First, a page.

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Newgrowth in the EU chemicals and technology sector through industry led training in nano-materials, catalysis, chemical engineering and atomistic modelling

Final Activity Report Summary - NEWGROWTH (Newgrowth in the EU chemicals and technology sector through industry led training in nano-materials, catalysis, chemical engineering and atomistic modelling)

Project NEWGROWTH allowed the establishment of a mono-partner inter-related group training hub at Johnson Matthey (JM) in the areas of nano-chemistry, materials synthesis, and catalysis and modelling. Six Marie Cure Fellows undertook career oriented PhD programmes aimed to emphasise the links between academia and industry. The main objectives were to yield improvements in the utility, energy efficiency and understanding of chemical industry processes and catalysts. These objectives were achieved through an array of inter-disciplinary approaches, including development of novel synthetic routes, computer modelling of nano-particle / support as well as macro-scale particle / particle interactions and catalyst testing.

Fellow 1 designed and prepared a range of active palladium containing mixed metal oxide (titanate and manganate perovskites) catalysts for the direct formation of hydrogen peroxide from hydrogen and water. Hydrogen peroxide is an increasingly important and environmentally benign oxidant and offers a chlorine free alternative for bleaching in the paper industry.

Fellow 2 was the first of two conducting research in the area of 'core-shell' nano-particle preparation in which a shell of one metal is deposited on a core of another. Such core-shell nano-particles are of significant interest as they offer unique properties. New synthetic routes to gold core - silver / palladium shell catalysts have been prepared. In addition, core-shell systems have been fabricated using particles of different morphologies, such as spheres, rods and wires. The new palladium-based systems were tested for liquid phase hydrogenation reactions and delivered enhanced activities and selectivities in chemoselective transformations.

Fellow 3, also working with core-shell systems, used controlled surface reaction techniques to deposit platinum on to palladium and iridium nano-particles for use in fuel cell catalysts. The aims were to obtain active and durable catalysts with reduced platinum content thus enhancing the commercialisation prospects of this technology. Electrocatalytic activity measurements revealed core shell systems to be more active than pure platinum catalysts.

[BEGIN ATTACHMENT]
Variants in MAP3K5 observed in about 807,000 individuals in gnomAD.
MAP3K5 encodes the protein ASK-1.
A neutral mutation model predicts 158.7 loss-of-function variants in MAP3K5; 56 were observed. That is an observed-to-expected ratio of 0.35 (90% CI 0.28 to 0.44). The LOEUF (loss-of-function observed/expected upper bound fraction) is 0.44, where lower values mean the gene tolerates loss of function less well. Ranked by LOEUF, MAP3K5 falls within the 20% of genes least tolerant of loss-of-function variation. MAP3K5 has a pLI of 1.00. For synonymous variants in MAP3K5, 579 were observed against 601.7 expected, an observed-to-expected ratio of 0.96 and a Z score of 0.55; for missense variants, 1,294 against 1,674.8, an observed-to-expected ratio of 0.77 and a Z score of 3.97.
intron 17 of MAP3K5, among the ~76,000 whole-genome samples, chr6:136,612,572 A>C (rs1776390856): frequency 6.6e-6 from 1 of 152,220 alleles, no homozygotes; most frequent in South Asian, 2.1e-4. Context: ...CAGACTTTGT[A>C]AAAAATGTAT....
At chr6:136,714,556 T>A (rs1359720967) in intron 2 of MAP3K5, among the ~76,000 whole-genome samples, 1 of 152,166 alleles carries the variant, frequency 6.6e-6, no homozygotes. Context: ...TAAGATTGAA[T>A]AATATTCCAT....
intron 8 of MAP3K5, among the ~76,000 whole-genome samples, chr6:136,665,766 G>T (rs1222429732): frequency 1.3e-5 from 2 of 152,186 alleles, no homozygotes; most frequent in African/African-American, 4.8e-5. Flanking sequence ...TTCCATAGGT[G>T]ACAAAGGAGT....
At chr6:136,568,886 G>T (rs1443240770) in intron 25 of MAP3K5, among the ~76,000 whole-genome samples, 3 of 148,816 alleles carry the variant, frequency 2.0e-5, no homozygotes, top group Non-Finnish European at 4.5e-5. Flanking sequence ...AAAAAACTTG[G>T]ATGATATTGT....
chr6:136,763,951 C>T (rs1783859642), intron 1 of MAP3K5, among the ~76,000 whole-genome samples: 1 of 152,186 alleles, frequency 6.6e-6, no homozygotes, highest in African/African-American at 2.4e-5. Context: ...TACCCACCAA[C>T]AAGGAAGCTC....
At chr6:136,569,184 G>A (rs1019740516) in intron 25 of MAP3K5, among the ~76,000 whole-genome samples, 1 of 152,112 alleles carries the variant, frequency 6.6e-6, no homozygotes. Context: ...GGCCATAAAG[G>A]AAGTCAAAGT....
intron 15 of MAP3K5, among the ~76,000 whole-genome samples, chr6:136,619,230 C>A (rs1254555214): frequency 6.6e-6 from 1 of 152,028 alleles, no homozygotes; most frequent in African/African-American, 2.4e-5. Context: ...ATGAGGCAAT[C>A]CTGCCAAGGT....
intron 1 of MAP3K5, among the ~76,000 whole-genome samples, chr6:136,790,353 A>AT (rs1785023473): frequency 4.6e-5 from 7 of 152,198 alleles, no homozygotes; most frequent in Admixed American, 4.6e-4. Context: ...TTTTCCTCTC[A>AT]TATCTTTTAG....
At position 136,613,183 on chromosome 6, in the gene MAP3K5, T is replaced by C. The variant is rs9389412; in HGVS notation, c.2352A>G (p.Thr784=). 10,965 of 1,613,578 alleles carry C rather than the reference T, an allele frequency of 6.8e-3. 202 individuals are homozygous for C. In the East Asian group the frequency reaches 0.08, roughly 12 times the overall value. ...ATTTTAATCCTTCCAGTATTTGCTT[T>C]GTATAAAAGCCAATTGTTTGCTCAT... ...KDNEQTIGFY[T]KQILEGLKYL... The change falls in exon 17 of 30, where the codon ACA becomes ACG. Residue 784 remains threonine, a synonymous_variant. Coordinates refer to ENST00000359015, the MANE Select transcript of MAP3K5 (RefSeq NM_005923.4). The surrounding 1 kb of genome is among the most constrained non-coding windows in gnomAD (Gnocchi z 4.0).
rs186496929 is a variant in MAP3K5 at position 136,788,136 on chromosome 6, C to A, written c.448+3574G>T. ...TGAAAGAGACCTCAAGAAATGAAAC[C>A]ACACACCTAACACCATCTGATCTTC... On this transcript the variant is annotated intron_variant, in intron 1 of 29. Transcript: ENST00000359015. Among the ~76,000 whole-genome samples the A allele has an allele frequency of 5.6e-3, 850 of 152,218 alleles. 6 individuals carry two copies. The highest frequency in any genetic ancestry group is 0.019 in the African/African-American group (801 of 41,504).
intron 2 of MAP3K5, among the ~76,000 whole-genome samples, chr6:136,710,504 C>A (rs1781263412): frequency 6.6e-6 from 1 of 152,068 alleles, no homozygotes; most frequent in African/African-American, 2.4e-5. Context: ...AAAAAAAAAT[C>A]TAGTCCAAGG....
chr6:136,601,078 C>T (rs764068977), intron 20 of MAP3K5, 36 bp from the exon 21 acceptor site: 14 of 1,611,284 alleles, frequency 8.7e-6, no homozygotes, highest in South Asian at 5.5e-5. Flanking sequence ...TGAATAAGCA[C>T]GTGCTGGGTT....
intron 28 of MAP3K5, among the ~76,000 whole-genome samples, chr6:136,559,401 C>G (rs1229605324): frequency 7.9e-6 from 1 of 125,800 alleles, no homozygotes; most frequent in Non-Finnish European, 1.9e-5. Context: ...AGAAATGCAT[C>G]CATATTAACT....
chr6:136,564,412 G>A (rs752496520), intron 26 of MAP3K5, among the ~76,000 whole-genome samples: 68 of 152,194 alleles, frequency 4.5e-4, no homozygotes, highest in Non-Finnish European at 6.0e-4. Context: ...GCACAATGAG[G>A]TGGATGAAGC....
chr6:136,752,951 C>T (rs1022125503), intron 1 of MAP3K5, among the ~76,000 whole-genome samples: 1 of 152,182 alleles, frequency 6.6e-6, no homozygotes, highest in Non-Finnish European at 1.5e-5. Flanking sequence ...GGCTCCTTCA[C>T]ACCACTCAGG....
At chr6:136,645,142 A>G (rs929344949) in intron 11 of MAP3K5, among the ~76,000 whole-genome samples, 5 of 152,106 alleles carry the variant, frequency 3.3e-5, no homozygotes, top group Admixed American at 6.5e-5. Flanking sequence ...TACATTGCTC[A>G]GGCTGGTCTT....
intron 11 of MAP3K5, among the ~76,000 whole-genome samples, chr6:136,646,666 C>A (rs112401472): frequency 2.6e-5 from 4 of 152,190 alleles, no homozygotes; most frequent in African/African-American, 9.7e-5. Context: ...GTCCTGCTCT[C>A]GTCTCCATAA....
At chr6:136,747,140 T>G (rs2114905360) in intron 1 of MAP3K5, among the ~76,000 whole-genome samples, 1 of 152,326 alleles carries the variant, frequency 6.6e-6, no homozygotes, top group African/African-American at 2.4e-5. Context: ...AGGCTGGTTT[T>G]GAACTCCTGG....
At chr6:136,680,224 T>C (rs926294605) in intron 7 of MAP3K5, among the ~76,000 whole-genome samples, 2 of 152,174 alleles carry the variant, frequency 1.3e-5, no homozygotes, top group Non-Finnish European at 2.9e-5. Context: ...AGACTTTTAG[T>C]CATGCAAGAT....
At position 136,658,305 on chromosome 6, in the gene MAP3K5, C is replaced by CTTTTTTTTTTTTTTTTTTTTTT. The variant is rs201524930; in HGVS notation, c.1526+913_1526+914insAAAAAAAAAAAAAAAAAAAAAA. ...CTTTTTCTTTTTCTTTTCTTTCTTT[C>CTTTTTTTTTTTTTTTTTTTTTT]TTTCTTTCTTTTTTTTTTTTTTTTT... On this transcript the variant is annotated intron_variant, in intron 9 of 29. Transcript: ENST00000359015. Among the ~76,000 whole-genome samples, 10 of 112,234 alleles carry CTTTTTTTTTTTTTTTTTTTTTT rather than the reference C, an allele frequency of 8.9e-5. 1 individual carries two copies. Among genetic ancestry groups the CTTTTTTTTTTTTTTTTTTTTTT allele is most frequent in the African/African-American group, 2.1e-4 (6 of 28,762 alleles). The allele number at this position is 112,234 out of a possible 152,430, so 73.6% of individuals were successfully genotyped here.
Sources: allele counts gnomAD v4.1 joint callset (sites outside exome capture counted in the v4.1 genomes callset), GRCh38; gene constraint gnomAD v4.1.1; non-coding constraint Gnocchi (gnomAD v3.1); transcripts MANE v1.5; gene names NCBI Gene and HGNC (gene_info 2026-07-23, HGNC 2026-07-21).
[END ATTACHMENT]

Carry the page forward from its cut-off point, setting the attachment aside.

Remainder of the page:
Fellow 4 carried out a series of nano-scale coatings of supported precious metal particles with reducible metal oxides (ceria and vanadia). Striking observations linking the work function of the precious metal with the reducability and structure of the metal oxide coating were made. These represent a serious advancement in the understanding of such interactions, which have been extensively debated in the chemical literature, and yielded improved alkane combustion catalysts.

Fellow 5 undertook atomistic computer modelling studies to assess the interactions between catalytically important metal nano-clusters (Ni, Pd, Pt and Au) and surfaces of alumina, a very common catalyst support material. The nature of these interactions distinctly alters the chemistry of the nano-clusters and in turn affects catalytic performance. The effect of varying amounts of surface water (which will be present in many real systems) was assessed and this revealed that the metal is stabilised by hydroxyl groups on the alumina surface and the formation of a metal hydride phase. In addition to this the adsorption and activation of CO was investigated.

Fellow 6 modelled the interactions found within a large bed of millimetre sized particles as they were mixed. The interactions are typical of those found during the industrially important and multi-stage process of catalyst preparation. After assessing the suitability of commercially available discrete element modelling (DEM) software for this task suitable models were then built and validated. Validation was by comparison with the literature and bespoke experimental data obtained using an advanced radioactive particle tracking technique. An explanation of the main mixing / segregation regimes and mechanisms was derived.